--And have you seen the stuff they sell? Very often it is the ugliest, gaudiest, over the top thing you've ever seen, especially when it comes to jewelry or clothing. Can you tell I'm not a fan?
Second, advertising. Companies used to produce goods to fulfill needs, now they manufacture needs to produce goods. Advertisers play on our emotional vulnerability by:
--Over-using words like "designer," "collectible," "gourmet," "retired," "official," and "discontinued" to get us to buy almost anything.  
--Trying to convince you that you'll be an outcast if you don't buy their product.
--Producing false needs to persuade us to buy items outside our value system and beyond our means.
--Promote 'one day sales' as exceptional, until they hold another one next week. One day sales used to mean one day. Not anymore.
After uncluttering, many of my clients notice a change in the way they spend their money. Many take stock of what they have before they buy, and use lists to distinguish needs from wants.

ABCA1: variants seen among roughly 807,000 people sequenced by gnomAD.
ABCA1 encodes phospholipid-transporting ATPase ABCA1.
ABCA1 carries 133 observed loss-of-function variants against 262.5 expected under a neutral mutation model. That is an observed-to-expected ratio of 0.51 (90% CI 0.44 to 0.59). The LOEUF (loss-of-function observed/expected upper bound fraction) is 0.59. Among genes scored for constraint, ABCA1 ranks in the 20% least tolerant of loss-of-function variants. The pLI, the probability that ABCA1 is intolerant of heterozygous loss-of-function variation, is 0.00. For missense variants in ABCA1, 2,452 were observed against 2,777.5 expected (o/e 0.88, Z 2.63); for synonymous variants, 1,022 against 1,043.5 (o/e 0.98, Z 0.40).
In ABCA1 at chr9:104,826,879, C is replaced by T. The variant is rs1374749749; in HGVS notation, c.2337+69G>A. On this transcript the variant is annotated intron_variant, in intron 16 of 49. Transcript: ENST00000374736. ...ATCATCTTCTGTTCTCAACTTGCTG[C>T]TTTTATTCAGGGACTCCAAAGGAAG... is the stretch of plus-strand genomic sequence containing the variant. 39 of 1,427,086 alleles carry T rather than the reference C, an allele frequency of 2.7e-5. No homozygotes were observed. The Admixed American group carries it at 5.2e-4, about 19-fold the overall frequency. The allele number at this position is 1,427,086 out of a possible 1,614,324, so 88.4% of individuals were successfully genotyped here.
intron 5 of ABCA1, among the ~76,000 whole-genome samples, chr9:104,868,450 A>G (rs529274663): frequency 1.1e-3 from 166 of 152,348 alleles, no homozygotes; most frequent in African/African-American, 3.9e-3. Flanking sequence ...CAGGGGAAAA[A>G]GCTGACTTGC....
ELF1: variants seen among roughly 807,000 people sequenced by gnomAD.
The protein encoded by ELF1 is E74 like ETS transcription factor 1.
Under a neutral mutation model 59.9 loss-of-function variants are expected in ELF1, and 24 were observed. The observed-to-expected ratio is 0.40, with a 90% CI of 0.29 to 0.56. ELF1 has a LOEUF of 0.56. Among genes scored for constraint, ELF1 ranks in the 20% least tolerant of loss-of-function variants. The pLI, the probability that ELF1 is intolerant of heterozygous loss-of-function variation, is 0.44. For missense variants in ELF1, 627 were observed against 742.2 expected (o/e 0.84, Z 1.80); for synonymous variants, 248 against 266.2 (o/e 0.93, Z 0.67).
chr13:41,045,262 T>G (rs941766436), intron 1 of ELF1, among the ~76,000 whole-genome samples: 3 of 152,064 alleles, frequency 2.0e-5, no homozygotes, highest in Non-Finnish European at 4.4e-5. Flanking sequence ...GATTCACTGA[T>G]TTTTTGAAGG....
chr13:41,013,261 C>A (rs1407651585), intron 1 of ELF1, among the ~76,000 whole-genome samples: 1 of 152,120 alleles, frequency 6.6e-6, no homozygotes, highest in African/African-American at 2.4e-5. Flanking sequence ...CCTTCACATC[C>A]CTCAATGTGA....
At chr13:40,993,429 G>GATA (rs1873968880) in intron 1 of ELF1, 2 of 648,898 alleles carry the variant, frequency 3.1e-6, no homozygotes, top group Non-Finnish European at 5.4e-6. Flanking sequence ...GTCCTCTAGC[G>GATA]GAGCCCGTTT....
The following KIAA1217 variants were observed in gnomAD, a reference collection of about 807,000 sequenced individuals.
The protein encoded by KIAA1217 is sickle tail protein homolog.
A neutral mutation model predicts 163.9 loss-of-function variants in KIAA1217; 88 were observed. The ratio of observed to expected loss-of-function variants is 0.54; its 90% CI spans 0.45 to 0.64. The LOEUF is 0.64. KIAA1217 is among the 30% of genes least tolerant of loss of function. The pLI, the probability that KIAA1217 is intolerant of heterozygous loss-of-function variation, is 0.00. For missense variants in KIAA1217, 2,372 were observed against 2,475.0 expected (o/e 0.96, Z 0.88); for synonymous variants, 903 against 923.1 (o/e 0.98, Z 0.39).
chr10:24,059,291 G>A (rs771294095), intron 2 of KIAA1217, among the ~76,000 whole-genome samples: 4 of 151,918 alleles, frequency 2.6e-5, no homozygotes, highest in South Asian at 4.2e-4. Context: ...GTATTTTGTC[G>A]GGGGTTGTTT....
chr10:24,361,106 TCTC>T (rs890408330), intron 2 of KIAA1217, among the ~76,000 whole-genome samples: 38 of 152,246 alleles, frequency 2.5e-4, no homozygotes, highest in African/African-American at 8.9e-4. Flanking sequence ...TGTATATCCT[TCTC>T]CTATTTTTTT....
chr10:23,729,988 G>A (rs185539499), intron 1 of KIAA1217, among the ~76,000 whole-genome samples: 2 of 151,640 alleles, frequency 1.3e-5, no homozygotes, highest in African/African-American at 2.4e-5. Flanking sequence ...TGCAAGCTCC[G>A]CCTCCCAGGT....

So as the holidays approach and the year ends, I'll give you some practical tips on some ways we could all rethink our buying habits instead of continuing to clutter our homes with unnecessary items.
--Use your own values to determine what to buy instead of letting advertisers dictate your purchases.
--Be a wary consumer, spotting those over-used advertising words so we can see what's really for sale.
--Take control of what comes in our front doors and tell 'home invaders' we aren't for sale.
--Before buying a high priced item, ask if we want that item more than other things on our 'list' such as a new sofa, a new kitchen, or even a new home.
--Buy used instead of new. Look for words like 'consignment' and 'gently-worn'. Even buying a certified used car is a bargain compared to buying a brand new one.
--Shop local instead of long distance. Supporting our unique and interesting local companies, big and small, helps the local economy and it reduces our carbon footprint.